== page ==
The rational soul is endowed from the beginning with individuality; it does not acquire it through the intermediary of the body. At most, what can be said is that the individuality and identity of the rational soul may be strengthened in this world, and that the soul may either progress and attain to the degrees of perfection or remain in the lowest abyss of ignorance and be veiled from and deprived of beholding the signs of God. – Abdu’l-Baha, Some Answered Questions, newly revised version, p. 277.

5. since the potential for this incipient organism to become human is no greater at eight or nine months than it was at conception, we must likewise infer that it is as likely that the associative relationship—the beginning of personhood, personality, individuality, and, therefore, of humanness, happens from the beginning. Certainly we know this is true with the physiological aspects of the creation, that no two creations are exactly the same, that even identical or monozygotic twins are distinct.

The Baha’i teachings say that our essential reality, our personhood or individuality, begins with its emanation from the spiritual realm when it associates with the embryo at conception. As we have noted, however, this association in no way implies that the essential self derives from or is somehow contingent on the progress of the physical body with which it is associated. The human reality associates with the human body, even as the human mind associates with the human brain during our physical existence. But both the understanding of and the reason for this relationship need to be understood before any of this process makes complete sense.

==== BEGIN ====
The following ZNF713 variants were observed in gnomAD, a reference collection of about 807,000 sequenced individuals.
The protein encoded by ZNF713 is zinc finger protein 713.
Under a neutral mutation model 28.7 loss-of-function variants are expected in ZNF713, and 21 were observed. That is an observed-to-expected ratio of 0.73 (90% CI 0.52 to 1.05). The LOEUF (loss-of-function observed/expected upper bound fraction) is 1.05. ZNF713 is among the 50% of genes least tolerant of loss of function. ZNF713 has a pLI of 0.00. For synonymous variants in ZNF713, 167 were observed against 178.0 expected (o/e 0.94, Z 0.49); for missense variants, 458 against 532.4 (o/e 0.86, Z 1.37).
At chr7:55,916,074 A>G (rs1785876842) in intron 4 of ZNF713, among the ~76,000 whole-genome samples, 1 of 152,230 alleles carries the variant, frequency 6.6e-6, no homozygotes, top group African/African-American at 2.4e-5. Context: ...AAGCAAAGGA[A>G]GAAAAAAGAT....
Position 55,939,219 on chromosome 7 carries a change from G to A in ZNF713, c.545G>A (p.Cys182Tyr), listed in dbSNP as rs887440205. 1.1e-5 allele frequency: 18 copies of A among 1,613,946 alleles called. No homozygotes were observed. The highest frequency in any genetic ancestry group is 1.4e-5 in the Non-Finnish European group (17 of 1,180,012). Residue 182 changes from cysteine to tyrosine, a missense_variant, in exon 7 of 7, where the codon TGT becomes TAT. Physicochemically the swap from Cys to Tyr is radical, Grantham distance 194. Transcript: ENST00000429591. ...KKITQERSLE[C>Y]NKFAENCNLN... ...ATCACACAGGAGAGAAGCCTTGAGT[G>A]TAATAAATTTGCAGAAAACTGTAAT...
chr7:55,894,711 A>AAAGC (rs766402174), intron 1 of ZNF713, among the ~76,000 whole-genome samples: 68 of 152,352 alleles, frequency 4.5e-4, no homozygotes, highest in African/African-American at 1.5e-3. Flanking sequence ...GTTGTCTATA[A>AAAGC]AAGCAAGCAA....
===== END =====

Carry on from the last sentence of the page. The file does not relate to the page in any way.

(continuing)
In short, if the essential self is fundamentally independent of the physical body, then what is the value of a process in which this associative relationship occurs in such a way as to create the persuasive illusion that the two realities are one, that we are physical beings, and that our own survival and viability are dependent on a healthy physical self? Furthermore, how is divine justice rendered when some souls must associate with physical bodies that do not survive or are deficient? Likewise, since no two lives or life experiences are exactly the same, nor are the precise capacities or skills the same for any two human beings, how is equal justice meted out so that all have an equal opportunity to receive the bounties of divine bestowals?

Only by continuing our pursuit of the mysterious and weighty Elephant of Death can we discover the answers to these and other enigmas about the inevitable outcome of our shared journey through this brief physical life. Most especially, we need a degree of patience if we want to track the illusive Elephant of Death to discover if he is, indeed, merely a chimera—even though he seems quite impressive and majestic standing there in our living room, draped with our best tapestry, and holding those lifelike silk flowers in his trunk.

The opinions and views expressed in this article are those of the author only and do not necessarily reflect the opinion of BahaiTeachings.org or any institution of the Baha’i Faith.

1 Comment

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  • Melanie Black
    Mar 31, 2016
    I've been getting much out of your series of essays. If I ever can afford it, I will purchase your book.